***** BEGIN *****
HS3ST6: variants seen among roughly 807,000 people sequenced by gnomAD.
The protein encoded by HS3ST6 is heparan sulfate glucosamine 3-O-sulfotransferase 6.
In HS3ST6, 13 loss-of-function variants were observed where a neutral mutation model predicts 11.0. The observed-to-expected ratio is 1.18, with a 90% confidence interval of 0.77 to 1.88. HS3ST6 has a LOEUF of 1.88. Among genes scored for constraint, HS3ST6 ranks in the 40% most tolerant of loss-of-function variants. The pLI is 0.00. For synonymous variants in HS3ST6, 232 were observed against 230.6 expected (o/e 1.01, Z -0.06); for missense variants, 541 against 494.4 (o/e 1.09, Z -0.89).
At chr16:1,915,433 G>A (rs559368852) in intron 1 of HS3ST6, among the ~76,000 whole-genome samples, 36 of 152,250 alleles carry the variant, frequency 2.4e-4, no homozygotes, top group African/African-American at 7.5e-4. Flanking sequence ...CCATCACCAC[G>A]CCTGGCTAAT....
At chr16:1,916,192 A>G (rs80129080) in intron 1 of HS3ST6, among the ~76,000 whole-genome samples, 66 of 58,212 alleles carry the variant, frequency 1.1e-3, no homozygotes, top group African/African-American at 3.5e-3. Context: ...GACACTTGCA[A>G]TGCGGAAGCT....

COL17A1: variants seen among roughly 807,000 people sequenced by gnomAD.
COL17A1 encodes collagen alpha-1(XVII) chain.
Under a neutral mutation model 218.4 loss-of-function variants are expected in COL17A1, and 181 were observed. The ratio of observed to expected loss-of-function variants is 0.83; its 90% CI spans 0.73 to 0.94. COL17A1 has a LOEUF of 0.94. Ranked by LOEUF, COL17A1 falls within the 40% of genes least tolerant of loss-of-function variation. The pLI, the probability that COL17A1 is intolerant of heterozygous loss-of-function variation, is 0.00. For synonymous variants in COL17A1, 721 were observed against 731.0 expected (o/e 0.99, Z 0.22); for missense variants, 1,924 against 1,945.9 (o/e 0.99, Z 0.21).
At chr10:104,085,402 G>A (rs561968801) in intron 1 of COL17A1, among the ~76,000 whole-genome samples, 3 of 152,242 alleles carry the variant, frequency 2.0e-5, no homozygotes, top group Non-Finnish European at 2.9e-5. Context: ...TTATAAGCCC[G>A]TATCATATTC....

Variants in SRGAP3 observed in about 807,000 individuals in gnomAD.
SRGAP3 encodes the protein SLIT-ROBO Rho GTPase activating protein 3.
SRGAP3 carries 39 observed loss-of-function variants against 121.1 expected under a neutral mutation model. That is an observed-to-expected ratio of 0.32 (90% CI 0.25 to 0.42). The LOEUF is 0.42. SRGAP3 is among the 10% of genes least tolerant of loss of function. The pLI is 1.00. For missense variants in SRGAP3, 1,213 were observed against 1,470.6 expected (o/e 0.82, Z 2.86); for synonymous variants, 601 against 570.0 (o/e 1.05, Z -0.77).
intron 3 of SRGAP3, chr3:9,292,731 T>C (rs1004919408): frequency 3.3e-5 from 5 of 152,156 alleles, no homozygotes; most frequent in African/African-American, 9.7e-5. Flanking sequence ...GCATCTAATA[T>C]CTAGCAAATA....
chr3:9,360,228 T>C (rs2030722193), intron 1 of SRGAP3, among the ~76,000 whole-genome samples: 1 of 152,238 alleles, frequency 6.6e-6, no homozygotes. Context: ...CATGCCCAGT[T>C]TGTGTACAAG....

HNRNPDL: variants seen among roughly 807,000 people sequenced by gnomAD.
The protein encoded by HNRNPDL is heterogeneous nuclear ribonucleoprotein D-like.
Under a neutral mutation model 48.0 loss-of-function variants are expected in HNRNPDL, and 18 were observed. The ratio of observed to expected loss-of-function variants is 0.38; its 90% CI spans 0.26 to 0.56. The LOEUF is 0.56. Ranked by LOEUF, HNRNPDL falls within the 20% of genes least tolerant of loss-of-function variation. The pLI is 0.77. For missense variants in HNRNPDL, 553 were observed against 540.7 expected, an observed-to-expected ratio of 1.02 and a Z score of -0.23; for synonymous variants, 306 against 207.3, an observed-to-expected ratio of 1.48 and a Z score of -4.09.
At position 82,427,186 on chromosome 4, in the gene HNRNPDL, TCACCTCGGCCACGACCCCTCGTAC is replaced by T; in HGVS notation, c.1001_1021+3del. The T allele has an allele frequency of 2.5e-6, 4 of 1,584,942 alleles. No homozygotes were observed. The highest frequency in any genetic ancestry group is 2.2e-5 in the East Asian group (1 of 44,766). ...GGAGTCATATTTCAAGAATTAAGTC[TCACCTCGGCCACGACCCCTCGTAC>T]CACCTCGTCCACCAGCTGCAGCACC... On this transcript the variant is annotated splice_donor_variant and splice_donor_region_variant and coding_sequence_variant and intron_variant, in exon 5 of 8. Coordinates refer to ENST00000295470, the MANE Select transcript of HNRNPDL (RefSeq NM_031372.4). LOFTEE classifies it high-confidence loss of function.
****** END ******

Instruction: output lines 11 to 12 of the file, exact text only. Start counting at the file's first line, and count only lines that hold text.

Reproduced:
SRGAP3 encodes the protein SLIT-ROBO Rho GTPase activating protein 3.
SRGAP3 carries 39 observed loss-of-function variants against 121.1 expected under a neutral mutation model. That is an observed-to-expected ratio of 0.32 (90% CI 0.25 to 0.42). The LOEUF is 0.42. SRGAP3 is among the 10% of genes least tolerant of loss of function. The pLI is 1.00. For missense variants in SRGAP3, 1,213 were observed against 1,470.6 expected (o/e 0.82, Z 2.86); for synonymous variants, 601 against 570.0 (o/e 1.05, Z -0.77).